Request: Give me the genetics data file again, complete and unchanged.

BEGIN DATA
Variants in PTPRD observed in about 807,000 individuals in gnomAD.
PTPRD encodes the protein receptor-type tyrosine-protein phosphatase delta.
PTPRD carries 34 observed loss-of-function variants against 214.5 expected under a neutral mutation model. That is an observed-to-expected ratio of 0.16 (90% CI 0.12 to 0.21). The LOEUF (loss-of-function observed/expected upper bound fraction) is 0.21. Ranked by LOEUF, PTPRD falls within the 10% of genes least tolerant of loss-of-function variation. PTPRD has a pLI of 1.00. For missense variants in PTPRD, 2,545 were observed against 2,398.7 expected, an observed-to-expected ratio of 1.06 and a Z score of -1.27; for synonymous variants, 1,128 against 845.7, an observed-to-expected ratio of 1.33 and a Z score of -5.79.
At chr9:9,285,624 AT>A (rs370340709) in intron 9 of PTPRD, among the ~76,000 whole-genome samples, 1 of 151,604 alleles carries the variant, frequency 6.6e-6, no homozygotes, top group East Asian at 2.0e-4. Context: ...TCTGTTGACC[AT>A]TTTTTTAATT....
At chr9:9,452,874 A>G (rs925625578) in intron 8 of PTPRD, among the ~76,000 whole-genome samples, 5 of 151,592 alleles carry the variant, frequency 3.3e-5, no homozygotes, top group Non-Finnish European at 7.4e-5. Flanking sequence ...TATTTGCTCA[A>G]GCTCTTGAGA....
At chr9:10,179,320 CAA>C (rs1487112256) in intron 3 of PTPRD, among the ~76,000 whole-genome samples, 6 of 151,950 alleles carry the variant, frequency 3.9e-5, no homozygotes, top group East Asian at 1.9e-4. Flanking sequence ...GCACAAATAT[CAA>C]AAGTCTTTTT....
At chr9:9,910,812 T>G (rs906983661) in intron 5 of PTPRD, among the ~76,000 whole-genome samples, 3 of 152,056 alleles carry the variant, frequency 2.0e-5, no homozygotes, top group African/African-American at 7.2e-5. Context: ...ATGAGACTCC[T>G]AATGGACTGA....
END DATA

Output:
Variants in PTPRD observed in about 807,000 individuals in gnomAD.
PTPRD encodes the protein receptor-type tyrosine-protein phosphatase delta.
PTPRD carries 34 observed loss-of-function variants against 214.5 expected under a neutral mutation model. That is an observed-to-expected ratio of 0.16 (90% CI 0.12 to 0.21). The LOEUF (loss-of-function observed/expected upper bound fraction) is 0.21. Ranked by LOEUF, PTPRD falls within the 10% of genes least tolerant of loss-of-function variation. PTPRD has a pLI of 1.00. For missense variants in PTPRD, 2,545 were observed against 2,398.7 expected, an observed-to-expected ratio of 1.06 and a Z score of -1.27; for synonymous variants, 1,128 against 845.7, an observed-to-expected ratio of 1.33 and a Z score of -5.79.
At chr9:9,285,624 AT>A (rs370340709) in intron 9 of PTPRD, among the ~76,000 whole-genome samples, 1 of 151,604 alleles carries the variant, frequency 6.6e-6, no homozygotes, top group East Asian at 2.0e-4. Context: ...TCTGTTGACC[AT>A]TTTTTTAATT....
At chr9:9,452,874 A>G (rs925625578) in intron 8 of PTPRD, among the ~76,000 whole-genome samples, 5 of 151,592 alleles carry the variant, frequency 3.3e-5, no homozygotes, top group Non-Finnish European at 7.4e-5. Flanking sequence ...TATTTGCTCA[A>G]GCTCTTGAGA....
At chr9:10,179,320 CAA>C (rs1487112256) in intron 3 of PTPRD, among the ~76,000 whole-genome samples, 6 of 151,950 alleles carry the variant, frequency 3.9e-5, no homozygotes, top group East Asian at 1.9e-4. Flanking sequence ...GCACAAATAT[CAA>C]AAGTCTTTTT....
At chr9:9,910,812 T>G (rs906983661) in intron 5 of PTPRD, among the ~76,000 whole-genome samples, 3 of 152,056 alleles carry the variant, frequency 2.0e-5, no homozygotes, top group African/African-American at 7.2e-5. Context: ...ATGAGACTCC[T>G]AATGGACTGA....